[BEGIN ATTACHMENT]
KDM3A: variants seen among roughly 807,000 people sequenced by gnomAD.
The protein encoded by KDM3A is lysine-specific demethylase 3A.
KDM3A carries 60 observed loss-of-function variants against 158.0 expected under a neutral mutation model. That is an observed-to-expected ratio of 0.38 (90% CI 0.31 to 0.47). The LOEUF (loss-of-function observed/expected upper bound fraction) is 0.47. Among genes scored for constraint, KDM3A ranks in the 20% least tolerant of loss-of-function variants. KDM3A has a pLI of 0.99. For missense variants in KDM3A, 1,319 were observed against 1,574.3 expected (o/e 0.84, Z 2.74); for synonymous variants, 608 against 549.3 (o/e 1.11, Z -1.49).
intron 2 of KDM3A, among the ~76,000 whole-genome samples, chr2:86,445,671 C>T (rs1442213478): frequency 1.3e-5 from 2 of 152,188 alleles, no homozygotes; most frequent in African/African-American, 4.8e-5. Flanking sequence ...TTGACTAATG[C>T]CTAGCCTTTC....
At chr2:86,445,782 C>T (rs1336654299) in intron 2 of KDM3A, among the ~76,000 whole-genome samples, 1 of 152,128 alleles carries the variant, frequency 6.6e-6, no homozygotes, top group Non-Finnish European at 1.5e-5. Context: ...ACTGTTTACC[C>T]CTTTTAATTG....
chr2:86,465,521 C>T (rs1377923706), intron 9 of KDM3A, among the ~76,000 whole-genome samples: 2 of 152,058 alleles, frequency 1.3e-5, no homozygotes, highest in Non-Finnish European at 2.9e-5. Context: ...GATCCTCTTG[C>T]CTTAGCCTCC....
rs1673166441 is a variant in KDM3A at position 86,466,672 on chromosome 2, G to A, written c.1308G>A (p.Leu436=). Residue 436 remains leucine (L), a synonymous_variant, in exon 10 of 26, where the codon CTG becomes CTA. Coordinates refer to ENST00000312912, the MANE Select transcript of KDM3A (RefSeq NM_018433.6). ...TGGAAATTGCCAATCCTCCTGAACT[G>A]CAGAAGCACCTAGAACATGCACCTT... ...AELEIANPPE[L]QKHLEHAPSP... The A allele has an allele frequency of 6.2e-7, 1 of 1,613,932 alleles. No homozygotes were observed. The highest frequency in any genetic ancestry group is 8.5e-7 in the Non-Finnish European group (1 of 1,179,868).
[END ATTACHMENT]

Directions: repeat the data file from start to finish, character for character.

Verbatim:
KDM3A: variants seen among roughly 807,000 people sequenced by gnomAD.
The protein encoded by KDM3A is lysine-specific demethylase 3A.
KDM3A carries 60 observed loss-of-function variants against 158.0 expected under a neutral mutation model. That is an observed-to-expected ratio of 0.38 (90% CI 0.31 to 0.47). The LOEUF (loss-of-function observed/expected upper bound fraction) is 0.47. Among genes scored for constraint, KDM3A ranks in the 20% least tolerant of loss-of-function variants. KDM3A has a pLI of 0.99. For missense variants in KDM3A, 1,319 were observed against 1,574.3 expected (o/e 0.84, Z 2.74); for synonymous variants, 608 against 549.3 (o/e 1.11, Z -1.49).
intron 2 of KDM3A, among the ~76,000 whole-genome samples, chr2:86,445,671 C>T (rs1442213478): frequency 1.3e-5 from 2 of 152,188 alleles, no homozygotes; most frequent in African/African-American, 4.8e-5. Flanking sequence ...TTGACTAATG[C>T]CTAGCCTTTC....
At chr2:86,445,782 C>T (rs1336654299) in intron 2 of KDM3A, among the ~76,000 whole-genome samples, 1 of 152,128 alleles carries the variant, frequency 6.6e-6, no homozygotes, top group Non-Finnish European at 1.5e-5. Context: ...ACTGTTTACC[C>T]CTTTTAATTG....
chr2:86,465,521 C>T (rs1377923706), intron 9 of KDM3A, among the ~76,000 whole-genome samples: 2 of 152,058 alleles, frequency 1.3e-5, no homozygotes, highest in Non-Finnish European at 2.9e-5. Context: ...GATCCTCTTG[C>T]CTTAGCCTCC....
rs1673166441 is a variant in KDM3A at position 86,466,672 on chromosome 2, G to A, written c.1308G>A (p.Leu436=). Residue 436 remains leucine (L), a synonymous_variant, in exon 10 of 26, where the codon CTG becomes CTA. Coordinates refer to ENST00000312912, the MANE Select transcript of KDM3A (RefSeq NM_018433.6). ...TGGAAATTGCCAATCCTCCTGAACT[G>A]CAGAAGCACCTAGAACATGCACCTT... ...AELEIANPPE[L]QKHLEHAPSP... The A allele has an allele frequency of 6.2e-7, 1 of 1,613,932 alleles. No homozygotes were observed. The highest frequency in any genetic ancestry group is 8.5e-7 in the Non-Finnish European group (1 of 1,179,868).